An exciting new release from Camacho, the Coyolar is a unique blend hailing from a modest 15-acre farm located at the foot of the mountains that join Nicaragua and Honduras. Boasting intense flavours and complex flavours of leather and coffee, we were excited to give this new cigar a full review!
- Brand: Camacho
- Range: Coyolar
- Length: 4.25″ (10.8 cm)
- Gauge: 50
- Filler: “Single Farm Vintage” Honduran Criollo
- Binder: “Single Farm Vintage” Honduran Criollo
- Wrapper: “Single Farm Vintage” Honduran Criollo
- Handmade? Yes
- Body: Medium-Full
- Estimated Smoking Time: 45-60 Minutes
- Pricing: $8.50 Single Retail Price
Available only in the United States, the Coyolar is a re-release of their highly successful range. It’s a truly unique cigar in that all the leaves were sourced from a single farm stretching over a small plot of 15 acres.
Furthermore, this area on the outskirts of Danli features unique mineral-rich volcanic soils, which creates a unique blend of Criollo tobacco. A true Honduran Puro, the leaves are aged over a long period of time to produce vintage tobacco.
Charles-Philippe and I enjoyed comparing notes when smoking a few of the #1 Perfecto together while he visited us in the USA. However, the Coyolar is also available in the following vitolas:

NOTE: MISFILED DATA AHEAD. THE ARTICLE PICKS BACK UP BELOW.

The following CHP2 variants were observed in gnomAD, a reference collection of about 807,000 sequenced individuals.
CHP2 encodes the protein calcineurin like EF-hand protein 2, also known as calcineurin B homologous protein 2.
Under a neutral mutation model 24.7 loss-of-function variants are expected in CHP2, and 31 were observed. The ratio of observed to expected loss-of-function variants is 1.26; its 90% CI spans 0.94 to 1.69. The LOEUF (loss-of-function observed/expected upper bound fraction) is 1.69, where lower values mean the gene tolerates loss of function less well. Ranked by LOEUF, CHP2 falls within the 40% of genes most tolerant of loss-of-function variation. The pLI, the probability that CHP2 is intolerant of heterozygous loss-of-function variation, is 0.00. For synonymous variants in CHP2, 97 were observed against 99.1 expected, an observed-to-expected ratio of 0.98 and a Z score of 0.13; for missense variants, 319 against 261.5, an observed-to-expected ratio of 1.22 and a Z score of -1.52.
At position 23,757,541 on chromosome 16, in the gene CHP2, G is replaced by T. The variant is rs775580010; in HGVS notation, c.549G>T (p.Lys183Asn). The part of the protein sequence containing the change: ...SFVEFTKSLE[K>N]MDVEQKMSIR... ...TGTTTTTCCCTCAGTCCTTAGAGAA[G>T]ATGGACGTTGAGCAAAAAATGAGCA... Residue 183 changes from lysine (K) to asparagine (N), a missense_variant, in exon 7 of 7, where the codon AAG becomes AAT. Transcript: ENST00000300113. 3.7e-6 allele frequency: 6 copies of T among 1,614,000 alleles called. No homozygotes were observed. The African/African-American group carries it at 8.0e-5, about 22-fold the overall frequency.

- Rothschild: 4.5 x 50 ($8.50)
- Super Toro: 6 x 52 ($9)
- Titan: 6 x 60 ($10)
- Figurado: 6.125 x 54 ($9.50)
The Perfecto that we tried is the most unique shape, but smaller than the others available. Meanwhile, the vitola above it is a Rothschild, which is slightly longer with the same ring gauge. As the name suggests, the Super Toro is a slightly longer Toro vitola whilst the Titan is a similar to a Gordo.
Finally, the Figurado is a large Torpedo with a slightly narrower ring gauge. All the prices listed above are the single retail prices for each shape.
You can learn more about cigar shapes and sizes with our dedicated guide to cigar vitolas.
Camacho Coyolar Look & Feel
- Wrapper Hue: Varnished oak
- Rolling Consistency: Even
- Spring: Firm Spring
- Aromas: Grape must, stables
With a rich sheen of mouthwatering oils, the Coyolar gleams under the light with a mottled texture with a dark coffee hue reminiscent of vintage oak. The aforementioned oils give the cigar a smooth feeling between the fingers.
Meanwhile, a few light veins are visible, which adds a rustic touch to the smooth texture. With their propriety booking technique, Camacho achieve consistent rolling between all of their cigars. In fact, we have yet to discover an uneven cigar or one with a poor draw.